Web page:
Table 1

Patient characteristics

The analysis included 37 patients, with 22 women (59.5%). Median age of diagnosis was 29 years (range, 7–44 years). Primary tumour sites were intra-abdominal only (25/37; 67.6%), intra-abdominal+trunk/abdominal wall (7/37; 18.9%), trunk/abdominal wall only (3/37; 8.1%) and other sites (2/37; 5.4%). The disease was multifocal in 32/37 (86.5%) of the cases.

Twenty-three out of 37 (62.2%) patients had undergone previous surgery for DT. Prior medical therapy had been administered in 20/37 (54.1%) of patients. Hormonal agents had been administered in 10/37 (27.0%) of patients. Among hormonal agents, tamoxifen was used in six cases, raloxifene in three cases, toremifene in two cases, with one patient receiving two prior lines of hormonal therapy (tamoxifen followed by raloxifene). NSAIDs had been administered in 13/37 (35.1%) of patients. Among NSAIDs, celecoxib was used in five cases, sulindac in four cases, meloxicam in two cases, aspirin in one case, with one patient receiving a non-specified NSAID. A small subgroup of patients, 3/37 (8.1%), received both hormonal therapy and NSAIDs.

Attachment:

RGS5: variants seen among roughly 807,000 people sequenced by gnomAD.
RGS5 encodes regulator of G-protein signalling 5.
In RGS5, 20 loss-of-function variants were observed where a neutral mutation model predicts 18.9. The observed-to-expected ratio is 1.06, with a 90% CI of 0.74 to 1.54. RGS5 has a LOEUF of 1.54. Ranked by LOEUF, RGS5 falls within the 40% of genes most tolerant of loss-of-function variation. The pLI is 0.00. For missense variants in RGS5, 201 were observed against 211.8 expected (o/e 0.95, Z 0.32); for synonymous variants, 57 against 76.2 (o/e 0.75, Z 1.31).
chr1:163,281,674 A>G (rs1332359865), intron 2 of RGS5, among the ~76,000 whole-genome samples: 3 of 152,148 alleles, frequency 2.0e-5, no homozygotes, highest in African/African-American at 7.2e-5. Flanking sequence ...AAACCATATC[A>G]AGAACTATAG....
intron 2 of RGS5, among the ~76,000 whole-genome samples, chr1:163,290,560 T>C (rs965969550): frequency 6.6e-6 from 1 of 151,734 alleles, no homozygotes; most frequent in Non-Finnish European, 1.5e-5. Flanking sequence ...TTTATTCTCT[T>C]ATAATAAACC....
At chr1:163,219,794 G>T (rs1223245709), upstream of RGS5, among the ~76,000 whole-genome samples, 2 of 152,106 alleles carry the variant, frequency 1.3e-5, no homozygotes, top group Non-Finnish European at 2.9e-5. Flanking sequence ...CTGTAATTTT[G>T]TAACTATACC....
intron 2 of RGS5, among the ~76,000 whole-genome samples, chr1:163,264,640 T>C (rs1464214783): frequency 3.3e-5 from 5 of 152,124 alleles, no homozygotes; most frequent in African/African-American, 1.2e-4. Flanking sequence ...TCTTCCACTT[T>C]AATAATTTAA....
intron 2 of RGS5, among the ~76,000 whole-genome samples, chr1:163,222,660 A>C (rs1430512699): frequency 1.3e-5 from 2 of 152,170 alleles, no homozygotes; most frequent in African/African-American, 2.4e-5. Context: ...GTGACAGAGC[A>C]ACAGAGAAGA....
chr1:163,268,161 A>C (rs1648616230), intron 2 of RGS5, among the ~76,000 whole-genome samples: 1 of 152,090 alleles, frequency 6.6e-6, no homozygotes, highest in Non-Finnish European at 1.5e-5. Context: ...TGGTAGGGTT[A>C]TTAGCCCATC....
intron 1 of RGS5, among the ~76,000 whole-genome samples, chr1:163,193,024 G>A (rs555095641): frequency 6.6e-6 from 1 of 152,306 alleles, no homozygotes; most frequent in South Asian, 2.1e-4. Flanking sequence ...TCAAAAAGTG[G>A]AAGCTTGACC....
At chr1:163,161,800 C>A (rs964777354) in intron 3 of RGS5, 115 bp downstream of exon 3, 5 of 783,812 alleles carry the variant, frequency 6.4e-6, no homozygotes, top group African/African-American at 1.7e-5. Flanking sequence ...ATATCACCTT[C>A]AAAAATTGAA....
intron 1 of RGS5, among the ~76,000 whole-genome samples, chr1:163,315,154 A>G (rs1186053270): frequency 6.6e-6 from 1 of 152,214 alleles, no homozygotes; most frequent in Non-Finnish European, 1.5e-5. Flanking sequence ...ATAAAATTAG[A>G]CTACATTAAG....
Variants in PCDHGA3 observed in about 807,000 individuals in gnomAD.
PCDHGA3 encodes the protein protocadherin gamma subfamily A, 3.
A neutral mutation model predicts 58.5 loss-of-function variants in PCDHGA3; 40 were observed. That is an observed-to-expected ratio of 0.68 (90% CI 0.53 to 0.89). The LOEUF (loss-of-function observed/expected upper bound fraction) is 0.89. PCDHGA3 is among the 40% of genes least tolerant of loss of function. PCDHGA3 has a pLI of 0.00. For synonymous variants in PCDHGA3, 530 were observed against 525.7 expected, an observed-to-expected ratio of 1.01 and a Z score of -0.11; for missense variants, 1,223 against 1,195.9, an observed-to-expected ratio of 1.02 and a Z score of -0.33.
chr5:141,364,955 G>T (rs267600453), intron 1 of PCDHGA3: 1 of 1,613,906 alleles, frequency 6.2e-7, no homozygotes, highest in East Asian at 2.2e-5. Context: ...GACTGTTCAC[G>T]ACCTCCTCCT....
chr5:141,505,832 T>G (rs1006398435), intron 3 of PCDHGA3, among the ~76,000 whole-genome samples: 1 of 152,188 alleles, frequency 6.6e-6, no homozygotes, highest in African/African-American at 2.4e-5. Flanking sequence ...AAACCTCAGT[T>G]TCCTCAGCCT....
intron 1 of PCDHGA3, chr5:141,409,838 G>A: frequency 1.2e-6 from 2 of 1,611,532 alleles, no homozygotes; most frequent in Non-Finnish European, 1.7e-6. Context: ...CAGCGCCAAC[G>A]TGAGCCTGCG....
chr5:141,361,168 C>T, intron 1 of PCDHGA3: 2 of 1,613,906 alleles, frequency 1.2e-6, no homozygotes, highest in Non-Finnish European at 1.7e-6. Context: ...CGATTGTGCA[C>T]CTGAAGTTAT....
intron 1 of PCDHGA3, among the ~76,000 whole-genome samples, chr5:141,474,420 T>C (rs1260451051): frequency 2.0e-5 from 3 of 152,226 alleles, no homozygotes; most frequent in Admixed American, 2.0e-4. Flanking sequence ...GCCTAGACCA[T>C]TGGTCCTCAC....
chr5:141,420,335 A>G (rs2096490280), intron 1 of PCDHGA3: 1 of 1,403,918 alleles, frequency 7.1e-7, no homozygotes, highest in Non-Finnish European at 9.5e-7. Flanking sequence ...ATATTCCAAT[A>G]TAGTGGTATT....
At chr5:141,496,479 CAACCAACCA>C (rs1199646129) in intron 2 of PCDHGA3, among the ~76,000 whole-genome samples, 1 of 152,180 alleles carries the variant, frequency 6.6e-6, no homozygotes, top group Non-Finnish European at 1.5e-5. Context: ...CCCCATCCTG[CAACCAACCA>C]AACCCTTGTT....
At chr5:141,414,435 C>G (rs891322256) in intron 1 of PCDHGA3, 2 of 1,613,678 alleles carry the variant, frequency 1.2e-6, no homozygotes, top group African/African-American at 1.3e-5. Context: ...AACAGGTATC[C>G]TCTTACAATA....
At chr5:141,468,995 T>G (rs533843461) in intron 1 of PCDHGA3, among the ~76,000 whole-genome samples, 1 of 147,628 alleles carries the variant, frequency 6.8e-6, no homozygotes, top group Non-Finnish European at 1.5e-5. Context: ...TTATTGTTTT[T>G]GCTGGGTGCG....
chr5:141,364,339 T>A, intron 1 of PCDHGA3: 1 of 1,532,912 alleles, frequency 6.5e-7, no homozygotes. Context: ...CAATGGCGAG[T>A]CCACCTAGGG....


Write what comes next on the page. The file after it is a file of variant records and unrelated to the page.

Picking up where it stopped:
The main reasons for chemotherapy initiation were progressive disease in 18/37 (48.6%) of cases, symptomatic disease in 10/37 (27.0%) of cases or disease in a critical anatomical site in the remaining 9/37 (24.3%) patients; no patients had other main reasons for chemotherapy initiation.

The low-dose chemotherapy regimens used were MTX+vinorelbine in 32/37 (86.5%) of cases and MTX+vinblastine in the remaining 5/37 (13.5%) patients. The median number of cycles of chemotherapy was 40 (range, 16–65). The median duration of chemotherapy treatment was 16.5 months (range, 4.0–36.0).

The main reasons for chemotherapy discontinuation were treatment completion defined as the administration of 40 to 50 chemotherapy cycles16 18 in 25/37 (67.6%) of cases, treatment lasting approximately one calendar year with <40 total chemotherapy cycles for 7/37 (18.9%) of cases, patient’s choice in one case, prolonged G2 neurotoxicity in one case and for unknown reasons in one patient.